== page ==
THEORY OF INTERFERENCE AND DIFFRACTION
At a point of maximum intensity, the path difference between the two waves must be an integral multiple of the wave length of light used .
At a point of minimum intensity, the path difference between the two waves must be an odd multiple of half wave length of light used .
FRINGE WIDTH: Distance between two consecutive dark fringes is equal to the width of a bright fringe.
Similarly, distance between two consecutive bright fringes is equal to the width of a dark fringe.
DIFFRACTION OF LIGHT AT A SINGLE SLIT
i) the width of central maximum is twice that of a secondary maximum
ii) the intensity of the secondary maxima goes on decreasing with the order of maxima.
CENTRAL MAXIMUM: According to Huygens principle, when light falls on the slit, it becomes a source of secondary wavelets. These wavelets are initially in phase and spread out in all directions. Let C be the center of the slit AB. The rays travelling in a direction parallel to CO are brought to a focus at O. These rays meet at O in phase because they are initially in phase and their optical paths are also equal. Hence the wavelets reinforce each other producing a maximum at O.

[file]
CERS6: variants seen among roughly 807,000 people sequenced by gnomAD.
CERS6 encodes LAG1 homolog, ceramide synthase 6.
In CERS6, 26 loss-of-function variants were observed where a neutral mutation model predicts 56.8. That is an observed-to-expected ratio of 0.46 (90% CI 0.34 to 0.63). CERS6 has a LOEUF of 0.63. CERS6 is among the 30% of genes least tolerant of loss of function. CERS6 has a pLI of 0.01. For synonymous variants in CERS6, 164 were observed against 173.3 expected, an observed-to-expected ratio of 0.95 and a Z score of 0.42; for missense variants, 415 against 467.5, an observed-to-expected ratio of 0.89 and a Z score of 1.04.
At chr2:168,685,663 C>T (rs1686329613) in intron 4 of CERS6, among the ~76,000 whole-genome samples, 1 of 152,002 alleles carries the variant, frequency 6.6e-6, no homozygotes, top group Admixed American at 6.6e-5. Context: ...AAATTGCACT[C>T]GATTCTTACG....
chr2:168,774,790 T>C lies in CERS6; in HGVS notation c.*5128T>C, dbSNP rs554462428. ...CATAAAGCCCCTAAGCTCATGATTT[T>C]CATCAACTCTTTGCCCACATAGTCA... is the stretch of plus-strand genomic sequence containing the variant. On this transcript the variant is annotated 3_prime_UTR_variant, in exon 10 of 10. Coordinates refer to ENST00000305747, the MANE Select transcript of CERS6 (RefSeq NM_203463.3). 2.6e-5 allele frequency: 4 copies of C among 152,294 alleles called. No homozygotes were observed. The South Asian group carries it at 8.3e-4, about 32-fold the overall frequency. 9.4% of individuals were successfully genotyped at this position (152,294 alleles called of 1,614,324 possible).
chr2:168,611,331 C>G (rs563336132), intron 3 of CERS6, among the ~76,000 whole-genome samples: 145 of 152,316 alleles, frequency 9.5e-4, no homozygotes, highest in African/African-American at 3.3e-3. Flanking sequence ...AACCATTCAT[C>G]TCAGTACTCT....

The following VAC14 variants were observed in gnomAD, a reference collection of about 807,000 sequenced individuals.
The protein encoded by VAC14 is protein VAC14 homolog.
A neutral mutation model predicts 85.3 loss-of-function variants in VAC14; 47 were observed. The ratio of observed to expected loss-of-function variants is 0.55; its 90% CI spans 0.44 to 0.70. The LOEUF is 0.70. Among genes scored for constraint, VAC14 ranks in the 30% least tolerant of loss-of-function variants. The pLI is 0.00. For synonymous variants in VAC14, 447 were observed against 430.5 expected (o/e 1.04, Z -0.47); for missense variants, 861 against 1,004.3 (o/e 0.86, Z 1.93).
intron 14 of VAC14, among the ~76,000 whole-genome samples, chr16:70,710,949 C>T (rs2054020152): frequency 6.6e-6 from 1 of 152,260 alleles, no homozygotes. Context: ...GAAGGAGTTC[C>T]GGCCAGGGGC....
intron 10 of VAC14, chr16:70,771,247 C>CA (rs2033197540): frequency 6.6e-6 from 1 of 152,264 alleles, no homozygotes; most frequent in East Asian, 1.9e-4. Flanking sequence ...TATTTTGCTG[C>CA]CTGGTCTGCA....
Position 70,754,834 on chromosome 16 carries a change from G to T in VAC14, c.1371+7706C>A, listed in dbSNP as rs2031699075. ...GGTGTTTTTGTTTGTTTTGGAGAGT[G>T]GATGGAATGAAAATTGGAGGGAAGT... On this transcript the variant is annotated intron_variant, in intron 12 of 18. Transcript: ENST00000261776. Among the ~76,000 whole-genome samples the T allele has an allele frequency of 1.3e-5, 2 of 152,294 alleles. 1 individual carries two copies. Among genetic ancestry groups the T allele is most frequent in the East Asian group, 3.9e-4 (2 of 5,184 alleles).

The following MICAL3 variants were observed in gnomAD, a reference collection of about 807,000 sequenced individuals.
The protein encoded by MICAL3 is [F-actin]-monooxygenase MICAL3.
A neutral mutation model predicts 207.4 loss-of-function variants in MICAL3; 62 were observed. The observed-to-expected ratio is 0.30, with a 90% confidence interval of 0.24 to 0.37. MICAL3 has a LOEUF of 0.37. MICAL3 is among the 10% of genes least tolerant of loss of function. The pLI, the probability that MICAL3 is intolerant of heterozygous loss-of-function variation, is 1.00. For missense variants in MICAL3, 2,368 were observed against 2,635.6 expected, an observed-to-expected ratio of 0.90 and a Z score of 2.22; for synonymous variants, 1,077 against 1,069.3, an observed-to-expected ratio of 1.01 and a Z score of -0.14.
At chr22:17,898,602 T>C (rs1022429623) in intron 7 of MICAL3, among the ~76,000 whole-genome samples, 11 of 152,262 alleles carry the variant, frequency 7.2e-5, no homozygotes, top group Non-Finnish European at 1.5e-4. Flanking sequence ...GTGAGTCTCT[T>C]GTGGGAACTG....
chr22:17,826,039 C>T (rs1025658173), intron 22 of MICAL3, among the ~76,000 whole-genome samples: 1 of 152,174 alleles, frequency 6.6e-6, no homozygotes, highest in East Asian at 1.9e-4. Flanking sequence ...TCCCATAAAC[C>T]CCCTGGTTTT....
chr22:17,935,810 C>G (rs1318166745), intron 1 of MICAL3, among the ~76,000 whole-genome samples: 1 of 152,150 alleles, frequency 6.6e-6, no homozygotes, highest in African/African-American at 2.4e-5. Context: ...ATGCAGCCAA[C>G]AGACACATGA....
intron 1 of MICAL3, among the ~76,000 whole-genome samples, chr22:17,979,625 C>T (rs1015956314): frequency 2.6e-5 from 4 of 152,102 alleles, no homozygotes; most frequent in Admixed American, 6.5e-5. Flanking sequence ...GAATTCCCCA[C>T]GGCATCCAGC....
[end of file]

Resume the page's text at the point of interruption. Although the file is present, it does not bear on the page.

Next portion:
Differences between INTERFERENCE and DIFFRACTION
1) Interference is due to interaction of light from two separate wave fronts originating from two coherent sources whereas diffraction is due to interaction of light from different parts of the same wave front.
2) In interference, the width of all fringes are equal while in diffraction the width of the central fringe is invariably different from the secondary fringes.
3) In interference, the bright fringes are of same intensity while in case of diffraction intensity of bright fringes goes on decreasing.
4) In interference, the fringes of minimum intensity are perfectly dark whereas those in case of diffraction are not perfectly dark.
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